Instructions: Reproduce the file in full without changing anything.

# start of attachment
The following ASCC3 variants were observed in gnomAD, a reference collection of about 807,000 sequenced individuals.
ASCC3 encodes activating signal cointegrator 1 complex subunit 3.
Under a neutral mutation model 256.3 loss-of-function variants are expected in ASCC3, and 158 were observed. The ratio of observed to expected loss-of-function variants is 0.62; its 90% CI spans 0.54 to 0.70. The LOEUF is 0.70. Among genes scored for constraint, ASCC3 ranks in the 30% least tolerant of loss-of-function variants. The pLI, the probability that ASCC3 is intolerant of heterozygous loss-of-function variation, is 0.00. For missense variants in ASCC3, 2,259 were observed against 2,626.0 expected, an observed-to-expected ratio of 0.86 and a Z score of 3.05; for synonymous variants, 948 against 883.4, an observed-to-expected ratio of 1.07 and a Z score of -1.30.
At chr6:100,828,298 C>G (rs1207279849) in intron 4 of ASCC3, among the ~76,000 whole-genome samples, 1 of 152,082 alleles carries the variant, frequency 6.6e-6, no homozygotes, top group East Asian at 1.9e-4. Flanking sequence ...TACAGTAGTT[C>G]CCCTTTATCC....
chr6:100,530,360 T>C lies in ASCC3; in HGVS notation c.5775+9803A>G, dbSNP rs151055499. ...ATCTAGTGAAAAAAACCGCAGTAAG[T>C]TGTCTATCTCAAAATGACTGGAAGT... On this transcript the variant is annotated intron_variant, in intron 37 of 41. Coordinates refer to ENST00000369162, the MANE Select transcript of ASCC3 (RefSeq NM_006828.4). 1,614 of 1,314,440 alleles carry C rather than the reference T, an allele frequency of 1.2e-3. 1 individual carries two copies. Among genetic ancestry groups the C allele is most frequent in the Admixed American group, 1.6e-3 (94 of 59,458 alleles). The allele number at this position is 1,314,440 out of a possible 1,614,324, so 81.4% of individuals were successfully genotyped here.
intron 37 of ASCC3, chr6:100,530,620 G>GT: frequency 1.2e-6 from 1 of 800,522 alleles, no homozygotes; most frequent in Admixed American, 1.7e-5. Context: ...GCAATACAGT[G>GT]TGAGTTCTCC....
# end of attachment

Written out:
The following ASCC3 variants were observed in gnomAD, a reference collection of about 807,000 sequenced individuals.
ASCC3 encodes activating signal cointegrator 1 complex subunit 3.
Under a neutral mutation model 256.3 loss-of-function variants are expected in ASCC3, and 158 were observed. The ratio of observed to expected loss-of-function variants is 0.62; its 90% CI spans 0.54 to 0.70. The LOEUF is 0.70. Among genes scored for constraint, ASCC3 ranks in the 30% least tolerant of loss-of-function variants. The pLI, the probability that ASCC3 is intolerant of heterozygous loss-of-function variation, is 0.00. For missense variants in ASCC3, 2,259 were observed against 2,626.0 expected, an observed-to-expected ratio of 0.86 and a Z score of 3.05; for synonymous variants, 948 against 883.4, an observed-to-expected ratio of 1.07 and a Z score of -1.30.
At chr6:100,828,298 C>G (rs1207279849) in intron 4 of ASCC3, among the ~76,000 whole-genome samples, 1 of 152,082 alleles carries the variant, frequency 6.6e-6, no homozygotes, top group East Asian at 1.9e-4. Flanking sequence ...TACAGTAGTT[C>G]CCCTTTATCC....
chr6:100,530,360 T>C lies in ASCC3; in HGVS notation c.5775+9803A>G, dbSNP rs151055499. ...ATCTAGTGAAAAAAACCGCAGTAAG[T>C]TGTCTATCTCAAAATGACTGGAAGT... On this transcript the variant is annotated intron_variant, in intron 37 of 41. Coordinates refer to ENST00000369162, the MANE Select transcript of ASCC3 (RefSeq NM_006828.4). 1,614 of 1,314,440 alleles carry C rather than the reference T, an allele frequency of 1.2e-3. 1 individual carries two copies. Among genetic ancestry groups the C allele is most frequent in the Admixed American group, 1.6e-3 (94 of 59,458 alleles). The allele number at this position is 1,314,440 out of a possible 1,614,324, so 81.4% of individuals were successfully genotyped here.
intron 37 of ASCC3, chr6:100,530,620 G>GT: frequency 1.2e-6 from 1 of 800,522 alleles, no homozygotes; most frequent in Admixed American, 1.7e-5. Context: ...GCAATACAGT[G>GT]TGAGTTCTCC....